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ratvn
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December 23, 2012 - 3:14 am
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I recently changed to medium-dark from light rosin and I loved it.

@Crazymotive: dark rosin is stickier so it will grip better and produce fuller/deeper sounds.

@Scottishdude12: light rosin will have brighter sound and easier for bow control.

Darker rosin is stickier and has more grip to strings hence more effect even with light bow pressure/speed change.

I went with medium-dark Pirastro rosin and am very happy as it's much better in term of sound/bow control than the light/hard one and also it does not have much dust either.

 

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DanielB
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December 23, 2012 - 3:43 am
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Rosin choice definitely makes some differences on sound.  I have mostly used Hill dark, and of the few I have tried, it is the one I prefer.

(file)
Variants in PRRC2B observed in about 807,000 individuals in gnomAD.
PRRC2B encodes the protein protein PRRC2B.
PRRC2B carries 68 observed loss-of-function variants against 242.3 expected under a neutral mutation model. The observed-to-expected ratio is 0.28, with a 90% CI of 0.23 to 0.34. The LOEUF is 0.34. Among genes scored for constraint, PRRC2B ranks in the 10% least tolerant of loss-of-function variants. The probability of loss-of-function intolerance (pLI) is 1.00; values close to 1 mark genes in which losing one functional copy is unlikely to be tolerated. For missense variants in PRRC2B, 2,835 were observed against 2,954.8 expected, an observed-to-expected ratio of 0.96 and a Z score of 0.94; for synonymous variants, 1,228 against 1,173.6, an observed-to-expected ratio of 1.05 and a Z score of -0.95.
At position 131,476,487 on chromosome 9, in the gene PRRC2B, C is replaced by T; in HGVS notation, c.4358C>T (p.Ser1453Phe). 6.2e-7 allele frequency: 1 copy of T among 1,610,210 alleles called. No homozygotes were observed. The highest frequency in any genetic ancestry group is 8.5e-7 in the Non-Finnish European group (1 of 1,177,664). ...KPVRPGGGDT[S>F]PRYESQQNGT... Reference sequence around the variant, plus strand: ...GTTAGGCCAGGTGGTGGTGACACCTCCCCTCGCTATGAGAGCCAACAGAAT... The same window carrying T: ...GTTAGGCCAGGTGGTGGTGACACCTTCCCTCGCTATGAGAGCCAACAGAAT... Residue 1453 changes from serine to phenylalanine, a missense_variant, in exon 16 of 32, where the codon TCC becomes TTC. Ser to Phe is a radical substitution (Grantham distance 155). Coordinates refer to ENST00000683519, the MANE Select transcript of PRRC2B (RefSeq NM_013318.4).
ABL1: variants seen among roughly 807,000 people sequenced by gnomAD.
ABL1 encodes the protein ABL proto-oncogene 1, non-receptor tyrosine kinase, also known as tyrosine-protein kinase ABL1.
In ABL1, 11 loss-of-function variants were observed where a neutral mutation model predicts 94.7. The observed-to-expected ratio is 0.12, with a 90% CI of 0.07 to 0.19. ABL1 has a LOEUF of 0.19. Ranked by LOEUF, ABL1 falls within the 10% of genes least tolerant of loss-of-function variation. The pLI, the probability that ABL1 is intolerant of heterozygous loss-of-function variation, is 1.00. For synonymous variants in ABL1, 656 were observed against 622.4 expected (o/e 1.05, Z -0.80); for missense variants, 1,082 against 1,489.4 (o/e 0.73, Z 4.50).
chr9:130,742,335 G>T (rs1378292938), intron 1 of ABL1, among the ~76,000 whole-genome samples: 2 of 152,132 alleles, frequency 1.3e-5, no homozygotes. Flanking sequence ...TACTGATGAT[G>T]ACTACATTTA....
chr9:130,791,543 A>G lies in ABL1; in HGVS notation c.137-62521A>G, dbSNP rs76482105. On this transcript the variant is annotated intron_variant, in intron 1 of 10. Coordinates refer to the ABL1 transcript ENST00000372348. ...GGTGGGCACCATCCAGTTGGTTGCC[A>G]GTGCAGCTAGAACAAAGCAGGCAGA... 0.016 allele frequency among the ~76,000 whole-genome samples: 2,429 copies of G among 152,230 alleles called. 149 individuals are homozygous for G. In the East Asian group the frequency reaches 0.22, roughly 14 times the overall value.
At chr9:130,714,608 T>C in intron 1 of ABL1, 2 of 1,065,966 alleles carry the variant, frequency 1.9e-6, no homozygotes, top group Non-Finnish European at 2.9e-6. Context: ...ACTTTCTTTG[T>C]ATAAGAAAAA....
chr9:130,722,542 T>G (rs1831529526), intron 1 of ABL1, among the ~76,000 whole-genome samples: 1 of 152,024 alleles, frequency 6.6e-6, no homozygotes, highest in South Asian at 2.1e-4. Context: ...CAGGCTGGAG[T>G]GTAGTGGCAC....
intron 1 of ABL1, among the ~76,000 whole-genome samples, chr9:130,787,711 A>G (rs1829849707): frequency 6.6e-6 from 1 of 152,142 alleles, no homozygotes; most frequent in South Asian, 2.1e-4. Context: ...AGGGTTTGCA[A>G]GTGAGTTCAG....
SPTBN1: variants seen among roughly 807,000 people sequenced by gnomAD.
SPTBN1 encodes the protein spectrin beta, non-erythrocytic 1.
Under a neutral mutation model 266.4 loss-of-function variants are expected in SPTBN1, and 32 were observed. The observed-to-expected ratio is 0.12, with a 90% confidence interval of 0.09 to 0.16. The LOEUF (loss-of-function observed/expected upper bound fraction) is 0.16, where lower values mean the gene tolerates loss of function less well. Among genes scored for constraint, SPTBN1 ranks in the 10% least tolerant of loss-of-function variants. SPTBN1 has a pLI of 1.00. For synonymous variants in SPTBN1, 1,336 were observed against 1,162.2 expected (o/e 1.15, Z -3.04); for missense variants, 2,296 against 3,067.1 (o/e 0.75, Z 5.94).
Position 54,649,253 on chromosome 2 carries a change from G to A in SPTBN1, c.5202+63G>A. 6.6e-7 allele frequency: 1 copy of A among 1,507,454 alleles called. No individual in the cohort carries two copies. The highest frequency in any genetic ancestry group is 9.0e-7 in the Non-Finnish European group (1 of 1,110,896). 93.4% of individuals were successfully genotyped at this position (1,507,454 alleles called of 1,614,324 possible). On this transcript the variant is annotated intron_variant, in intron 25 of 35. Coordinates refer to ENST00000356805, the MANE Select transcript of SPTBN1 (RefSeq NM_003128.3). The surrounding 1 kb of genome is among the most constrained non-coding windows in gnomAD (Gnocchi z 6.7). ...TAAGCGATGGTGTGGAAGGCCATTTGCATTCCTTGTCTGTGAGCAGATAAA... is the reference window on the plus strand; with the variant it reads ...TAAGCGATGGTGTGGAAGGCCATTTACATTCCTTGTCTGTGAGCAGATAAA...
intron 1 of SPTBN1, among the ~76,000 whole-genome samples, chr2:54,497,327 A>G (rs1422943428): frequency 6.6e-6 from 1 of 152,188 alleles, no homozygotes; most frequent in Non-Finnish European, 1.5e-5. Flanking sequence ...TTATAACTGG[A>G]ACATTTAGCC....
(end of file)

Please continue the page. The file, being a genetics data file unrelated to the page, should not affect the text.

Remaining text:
I found the light coloured stuff that came "free" with my cheaper violins to be harder to get a decent sound with and also to leave a fair bit of dust.  Some of that may have been a plain old difference in quality, though.  I found it to tend to less volume/power and to be prone to squeaky hissy noises more than the dark.

The only other rosin I've really tried was some brand called RDM that came with my Hoffmann violin.  I'd never heard it mentioned, so I don't know if it would be considered a good brand or not.  Not bad, but I still like the Hill better, so after giving it a fair try for a month, I passed it on to the friend I gave my first acoustic to.

I don't get much dust with the Hill dark, and I like the sounds I get with it better.  But what sound a person likes is going to vary from person to person.